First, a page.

Original languageEnglish
    Pages (from-to)43-69
    Number of pages27
    JournalInternational Journal of Accounting and Information Management
    Volume25
    Issue number1
    DOIs
    Publication statusPublished - 2017

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    Managers
    Industry
    Value relevance
    Regime change
    Write-offs
    Goodwill
    Testing
    Impairment

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    @article{10bbfb4c54f14ccbb450c6674c0ae73b,
    title = "Regime change in the accounting for goodwill: Goodwill write-offs and the value relevance of older goodwill",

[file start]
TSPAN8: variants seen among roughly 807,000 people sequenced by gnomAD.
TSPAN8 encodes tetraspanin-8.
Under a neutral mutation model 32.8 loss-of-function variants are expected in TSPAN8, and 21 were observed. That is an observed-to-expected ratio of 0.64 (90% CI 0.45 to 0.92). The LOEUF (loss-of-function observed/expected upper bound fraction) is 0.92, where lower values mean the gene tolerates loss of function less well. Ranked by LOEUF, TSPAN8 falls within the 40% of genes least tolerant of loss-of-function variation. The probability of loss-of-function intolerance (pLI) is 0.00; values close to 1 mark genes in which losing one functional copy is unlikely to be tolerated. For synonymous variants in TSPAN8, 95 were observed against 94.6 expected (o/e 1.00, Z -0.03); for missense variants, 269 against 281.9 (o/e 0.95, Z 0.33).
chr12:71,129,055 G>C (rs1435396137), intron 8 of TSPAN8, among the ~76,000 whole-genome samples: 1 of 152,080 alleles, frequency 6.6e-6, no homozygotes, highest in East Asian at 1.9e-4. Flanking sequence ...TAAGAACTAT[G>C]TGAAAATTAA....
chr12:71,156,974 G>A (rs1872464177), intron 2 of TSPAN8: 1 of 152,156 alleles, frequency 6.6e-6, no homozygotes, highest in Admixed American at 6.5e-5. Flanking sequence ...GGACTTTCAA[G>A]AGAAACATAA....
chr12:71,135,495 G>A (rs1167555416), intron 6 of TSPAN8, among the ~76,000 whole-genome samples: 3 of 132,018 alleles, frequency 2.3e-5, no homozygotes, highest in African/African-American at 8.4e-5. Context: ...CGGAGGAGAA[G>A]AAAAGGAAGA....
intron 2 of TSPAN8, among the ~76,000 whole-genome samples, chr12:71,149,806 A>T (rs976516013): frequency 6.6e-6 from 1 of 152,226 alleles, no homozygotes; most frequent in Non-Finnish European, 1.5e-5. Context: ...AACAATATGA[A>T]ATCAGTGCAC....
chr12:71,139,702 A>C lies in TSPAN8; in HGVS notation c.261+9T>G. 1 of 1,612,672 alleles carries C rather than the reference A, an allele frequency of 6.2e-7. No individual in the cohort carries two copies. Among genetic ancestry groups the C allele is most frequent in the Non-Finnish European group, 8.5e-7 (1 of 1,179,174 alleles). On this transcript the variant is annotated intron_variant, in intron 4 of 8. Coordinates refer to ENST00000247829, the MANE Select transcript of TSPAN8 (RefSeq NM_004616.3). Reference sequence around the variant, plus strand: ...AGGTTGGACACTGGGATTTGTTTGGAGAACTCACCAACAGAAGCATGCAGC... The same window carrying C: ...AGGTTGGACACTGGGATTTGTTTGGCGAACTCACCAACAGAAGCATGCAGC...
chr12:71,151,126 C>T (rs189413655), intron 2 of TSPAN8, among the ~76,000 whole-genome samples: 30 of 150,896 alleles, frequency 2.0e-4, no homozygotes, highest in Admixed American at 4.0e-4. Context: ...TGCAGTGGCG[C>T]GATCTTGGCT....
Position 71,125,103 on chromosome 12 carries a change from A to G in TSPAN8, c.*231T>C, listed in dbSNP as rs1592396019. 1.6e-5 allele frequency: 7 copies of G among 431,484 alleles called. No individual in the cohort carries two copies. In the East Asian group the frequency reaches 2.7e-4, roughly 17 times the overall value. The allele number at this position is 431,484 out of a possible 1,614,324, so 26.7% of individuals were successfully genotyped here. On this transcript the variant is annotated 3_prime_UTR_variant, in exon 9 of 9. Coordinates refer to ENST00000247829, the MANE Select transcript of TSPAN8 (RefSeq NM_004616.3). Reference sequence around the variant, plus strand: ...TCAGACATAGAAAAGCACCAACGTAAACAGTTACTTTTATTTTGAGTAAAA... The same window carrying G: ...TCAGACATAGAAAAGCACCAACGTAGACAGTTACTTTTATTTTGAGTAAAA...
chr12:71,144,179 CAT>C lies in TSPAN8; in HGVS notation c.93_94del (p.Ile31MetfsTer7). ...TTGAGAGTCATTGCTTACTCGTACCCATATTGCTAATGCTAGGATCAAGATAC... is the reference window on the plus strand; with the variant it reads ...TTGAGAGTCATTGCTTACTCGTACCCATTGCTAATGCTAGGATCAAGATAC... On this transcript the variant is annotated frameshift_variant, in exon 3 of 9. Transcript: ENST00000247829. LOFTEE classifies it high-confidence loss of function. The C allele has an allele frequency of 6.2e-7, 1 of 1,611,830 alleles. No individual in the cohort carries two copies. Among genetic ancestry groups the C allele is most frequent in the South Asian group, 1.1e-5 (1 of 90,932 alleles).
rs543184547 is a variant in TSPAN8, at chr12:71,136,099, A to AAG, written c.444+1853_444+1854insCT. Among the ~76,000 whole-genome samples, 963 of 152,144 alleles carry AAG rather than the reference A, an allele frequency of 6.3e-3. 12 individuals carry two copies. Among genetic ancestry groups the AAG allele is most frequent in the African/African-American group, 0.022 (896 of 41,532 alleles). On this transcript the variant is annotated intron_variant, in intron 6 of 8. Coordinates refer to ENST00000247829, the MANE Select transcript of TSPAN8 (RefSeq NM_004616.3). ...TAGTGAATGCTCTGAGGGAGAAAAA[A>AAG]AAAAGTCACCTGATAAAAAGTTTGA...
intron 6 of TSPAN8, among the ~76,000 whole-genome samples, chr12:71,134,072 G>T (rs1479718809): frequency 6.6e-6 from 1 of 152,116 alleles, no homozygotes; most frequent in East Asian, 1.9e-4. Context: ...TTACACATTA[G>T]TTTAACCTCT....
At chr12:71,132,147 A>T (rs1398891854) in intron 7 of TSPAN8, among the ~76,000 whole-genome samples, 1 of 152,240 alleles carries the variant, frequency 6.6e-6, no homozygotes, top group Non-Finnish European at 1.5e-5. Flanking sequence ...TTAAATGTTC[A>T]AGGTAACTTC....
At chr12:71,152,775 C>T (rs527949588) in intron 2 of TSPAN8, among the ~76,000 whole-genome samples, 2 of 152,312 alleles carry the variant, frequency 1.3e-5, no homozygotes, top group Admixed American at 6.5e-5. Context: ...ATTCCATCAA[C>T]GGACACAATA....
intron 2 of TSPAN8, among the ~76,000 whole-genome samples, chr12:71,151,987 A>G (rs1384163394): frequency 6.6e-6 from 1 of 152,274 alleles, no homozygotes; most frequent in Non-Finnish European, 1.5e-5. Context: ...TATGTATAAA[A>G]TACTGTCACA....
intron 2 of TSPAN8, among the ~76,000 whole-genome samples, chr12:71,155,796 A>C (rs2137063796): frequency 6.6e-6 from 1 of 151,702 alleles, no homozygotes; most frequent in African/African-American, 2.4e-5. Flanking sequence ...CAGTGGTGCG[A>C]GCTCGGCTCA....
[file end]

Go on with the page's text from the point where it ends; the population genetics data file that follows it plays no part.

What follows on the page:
abstract = "Purpose - This study aims to examine the impact of the recent regime change in accounting for goodwill, from the systematic periodic amortisation to the impairment testing, on the frequency and the extent of goodwill write-offs in the context of Australia. It also examines the impact of the change from the amortisation approach to the impairment approach on the value relevance of older goodwill. Design/methodology/approach - The authors approach the first research question by comparing the actual amount of goodwill impairment charge by the sample firms with the minimum {"}as if{"} amortisation charge that would have been required under the amortisation regime. The authors approach the second question using a modified Ohlson model (1995), similar to Bugeja and Gallery (2006). The sample consists of 911 firm-year observations with the number of observations in the particular year being 238, 242, 220 and 211 in 2009, 2008, 2007 and 2006, respectively. Findings - The findings suggest that the adoption of the impairment approach has decreased the frequency and the amount of goodwill write-off. The goodwill impairment amount is substantially less than the {"}as if{"} amortisation amount that would have been required under the amortisation regime. The results also suggest that older goodwill is now value-relevant, whereas goodwill purchased during the current year is not value-relevant. One reason for this may be that AASB 3: Business Combination allows for the provisional allocation of the purchase price to goodwill to be allocated to other identifiable intangible assets latter on. Hence, during the year of business combination, investors do not form a firm view of the amount of goodwill arising out of the business combination. Research limitations/implications - This study uses data for the first four years since the inception of the impairment approach. Practical implications - The findings of this study have important implications for the fair value accounting debate. The discretions allowed the managers under the impairment approach to improve the information content of goodwill. The relatively low levels of goodwill impairment even during the 2008-2009 global financial crisis contradict to the apprehensions found in the literature that managers will use the goodwill write-off as a tool for downward earnings management. The findings also imply that if managers are allowed with adequate flexibility through accounting standards rather than stipulating some systematic and mechanistic rules, the information value of the accounting measurement may improve. Social implications - The findings feed into the debate of {"}rule-based{"} versus {"}principle-based{"} accounting standards and favours the {"}principle-based{"} accounting standards. The findings also contribute to the accounting measurement literature by concluding that if allowed with discretionary choices, managers may not always opt for the conservative accounting measurements (such as, recording goodwill write-offs). Originality/value - Adopting an alternative approach, this study shows that the fair value accounting for goodwill has resulted in an optimistic approach to goodwill write-offs. It has also improved the information content of reported goodwill. This is the first known study addressing the research questions in consideration after the adoption of the goodwill impairment approach.",